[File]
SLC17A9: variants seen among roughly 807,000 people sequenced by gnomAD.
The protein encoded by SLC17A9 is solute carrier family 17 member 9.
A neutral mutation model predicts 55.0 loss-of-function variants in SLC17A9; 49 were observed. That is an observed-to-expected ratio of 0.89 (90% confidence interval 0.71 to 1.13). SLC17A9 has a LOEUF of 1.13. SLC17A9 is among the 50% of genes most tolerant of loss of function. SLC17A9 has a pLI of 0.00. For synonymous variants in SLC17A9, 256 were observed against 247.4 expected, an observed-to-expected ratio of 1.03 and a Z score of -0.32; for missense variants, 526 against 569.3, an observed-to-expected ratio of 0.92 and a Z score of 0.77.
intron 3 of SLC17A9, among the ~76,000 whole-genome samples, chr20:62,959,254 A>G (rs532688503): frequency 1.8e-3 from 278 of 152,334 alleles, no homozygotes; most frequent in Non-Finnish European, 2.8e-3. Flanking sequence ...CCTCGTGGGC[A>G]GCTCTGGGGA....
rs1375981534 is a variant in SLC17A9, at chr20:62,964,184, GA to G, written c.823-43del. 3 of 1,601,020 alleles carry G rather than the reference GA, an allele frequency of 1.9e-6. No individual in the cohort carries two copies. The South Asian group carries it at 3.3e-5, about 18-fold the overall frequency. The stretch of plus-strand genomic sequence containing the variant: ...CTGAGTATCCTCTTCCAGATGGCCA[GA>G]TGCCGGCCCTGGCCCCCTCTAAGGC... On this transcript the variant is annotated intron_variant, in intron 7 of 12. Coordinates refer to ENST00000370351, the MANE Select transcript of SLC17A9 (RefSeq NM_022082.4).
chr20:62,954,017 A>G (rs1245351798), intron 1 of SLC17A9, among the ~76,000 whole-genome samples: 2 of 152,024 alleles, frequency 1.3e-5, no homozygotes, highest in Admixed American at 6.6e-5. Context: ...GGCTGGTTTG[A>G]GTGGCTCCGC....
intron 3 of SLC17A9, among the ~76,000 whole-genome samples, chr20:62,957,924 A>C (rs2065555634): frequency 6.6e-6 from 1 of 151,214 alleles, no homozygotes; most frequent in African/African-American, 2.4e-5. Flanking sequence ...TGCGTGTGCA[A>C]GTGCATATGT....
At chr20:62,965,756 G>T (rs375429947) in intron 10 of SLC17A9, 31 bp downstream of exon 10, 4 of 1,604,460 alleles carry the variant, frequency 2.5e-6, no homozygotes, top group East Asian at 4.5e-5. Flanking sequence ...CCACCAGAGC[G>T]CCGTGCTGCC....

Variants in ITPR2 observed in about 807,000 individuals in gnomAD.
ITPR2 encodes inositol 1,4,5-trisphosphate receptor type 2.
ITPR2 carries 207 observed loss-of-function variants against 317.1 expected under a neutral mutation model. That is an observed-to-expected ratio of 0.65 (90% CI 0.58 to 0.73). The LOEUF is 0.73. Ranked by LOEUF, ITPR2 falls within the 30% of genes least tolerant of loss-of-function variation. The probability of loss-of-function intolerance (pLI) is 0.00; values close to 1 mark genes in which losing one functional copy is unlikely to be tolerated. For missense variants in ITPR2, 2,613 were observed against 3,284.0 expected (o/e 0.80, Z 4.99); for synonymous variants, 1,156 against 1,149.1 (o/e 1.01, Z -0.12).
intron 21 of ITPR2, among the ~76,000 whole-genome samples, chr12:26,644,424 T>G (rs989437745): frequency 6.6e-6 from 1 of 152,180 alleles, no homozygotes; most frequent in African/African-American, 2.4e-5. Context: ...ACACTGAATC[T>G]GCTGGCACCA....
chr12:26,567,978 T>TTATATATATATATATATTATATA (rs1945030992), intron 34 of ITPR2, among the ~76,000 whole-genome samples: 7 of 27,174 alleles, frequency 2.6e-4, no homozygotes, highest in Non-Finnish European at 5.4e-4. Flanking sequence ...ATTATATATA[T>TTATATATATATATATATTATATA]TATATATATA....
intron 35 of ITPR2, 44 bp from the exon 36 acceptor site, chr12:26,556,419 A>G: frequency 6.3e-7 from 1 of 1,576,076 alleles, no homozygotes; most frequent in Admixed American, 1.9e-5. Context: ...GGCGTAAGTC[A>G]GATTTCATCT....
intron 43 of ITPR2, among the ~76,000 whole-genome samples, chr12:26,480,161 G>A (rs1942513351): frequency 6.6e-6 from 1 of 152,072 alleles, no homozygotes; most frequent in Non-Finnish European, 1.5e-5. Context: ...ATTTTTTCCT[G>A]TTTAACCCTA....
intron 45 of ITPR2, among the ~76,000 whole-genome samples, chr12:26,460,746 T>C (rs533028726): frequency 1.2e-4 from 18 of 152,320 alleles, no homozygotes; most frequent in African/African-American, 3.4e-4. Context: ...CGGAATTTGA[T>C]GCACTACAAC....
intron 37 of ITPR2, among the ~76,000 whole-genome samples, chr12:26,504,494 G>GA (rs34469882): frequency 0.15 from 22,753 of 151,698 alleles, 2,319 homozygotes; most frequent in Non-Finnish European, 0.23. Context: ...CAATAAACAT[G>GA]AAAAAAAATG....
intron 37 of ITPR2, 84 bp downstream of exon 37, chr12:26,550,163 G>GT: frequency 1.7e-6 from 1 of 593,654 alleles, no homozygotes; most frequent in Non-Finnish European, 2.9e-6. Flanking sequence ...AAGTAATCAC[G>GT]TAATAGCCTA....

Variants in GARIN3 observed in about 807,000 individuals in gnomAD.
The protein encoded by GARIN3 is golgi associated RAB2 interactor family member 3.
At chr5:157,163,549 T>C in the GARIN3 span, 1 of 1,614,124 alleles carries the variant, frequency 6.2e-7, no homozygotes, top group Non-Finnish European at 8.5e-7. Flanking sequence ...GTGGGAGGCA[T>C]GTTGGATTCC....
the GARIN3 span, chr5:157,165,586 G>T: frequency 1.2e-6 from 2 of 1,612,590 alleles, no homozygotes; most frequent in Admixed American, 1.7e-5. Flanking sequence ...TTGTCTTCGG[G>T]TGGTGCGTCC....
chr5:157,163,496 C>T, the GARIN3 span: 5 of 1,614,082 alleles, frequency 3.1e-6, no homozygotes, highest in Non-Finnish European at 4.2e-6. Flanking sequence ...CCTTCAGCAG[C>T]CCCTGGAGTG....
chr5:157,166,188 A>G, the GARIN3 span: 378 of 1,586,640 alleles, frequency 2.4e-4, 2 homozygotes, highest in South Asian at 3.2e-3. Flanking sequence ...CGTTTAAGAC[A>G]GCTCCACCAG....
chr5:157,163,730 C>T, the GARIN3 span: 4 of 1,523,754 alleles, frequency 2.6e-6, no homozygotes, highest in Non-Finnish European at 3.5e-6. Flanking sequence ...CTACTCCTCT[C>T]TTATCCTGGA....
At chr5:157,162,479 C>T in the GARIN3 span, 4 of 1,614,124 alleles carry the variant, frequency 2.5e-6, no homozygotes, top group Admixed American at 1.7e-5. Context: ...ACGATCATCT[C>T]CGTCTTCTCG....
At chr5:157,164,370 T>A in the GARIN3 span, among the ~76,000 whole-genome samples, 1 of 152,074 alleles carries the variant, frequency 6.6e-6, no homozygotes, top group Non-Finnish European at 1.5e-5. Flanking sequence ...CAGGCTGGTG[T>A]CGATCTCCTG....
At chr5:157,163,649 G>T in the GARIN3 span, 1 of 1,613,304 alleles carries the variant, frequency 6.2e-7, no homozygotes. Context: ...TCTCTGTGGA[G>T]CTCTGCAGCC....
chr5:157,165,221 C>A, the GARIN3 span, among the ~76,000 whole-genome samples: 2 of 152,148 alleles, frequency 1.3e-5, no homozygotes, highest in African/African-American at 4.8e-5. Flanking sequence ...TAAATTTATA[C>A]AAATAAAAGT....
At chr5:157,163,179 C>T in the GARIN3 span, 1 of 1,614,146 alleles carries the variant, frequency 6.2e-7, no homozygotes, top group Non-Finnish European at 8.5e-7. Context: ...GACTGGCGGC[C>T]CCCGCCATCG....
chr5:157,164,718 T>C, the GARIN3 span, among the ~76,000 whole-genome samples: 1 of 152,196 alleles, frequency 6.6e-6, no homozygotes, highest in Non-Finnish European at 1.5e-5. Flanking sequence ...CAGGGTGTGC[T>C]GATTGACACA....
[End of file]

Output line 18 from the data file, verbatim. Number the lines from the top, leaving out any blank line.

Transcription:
intron 37 of ITPR2, 84 bp downstream of exon 37, chr12:26,550,163 G>GT: frequency 1.7e-6 from 1 of 593,654 alleles, no homozygotes; most frequent in Non-Finnish European, 2.9e-6. Flanking sequence ...AAGTAATCAC[G>GT]TAATAGCCTA....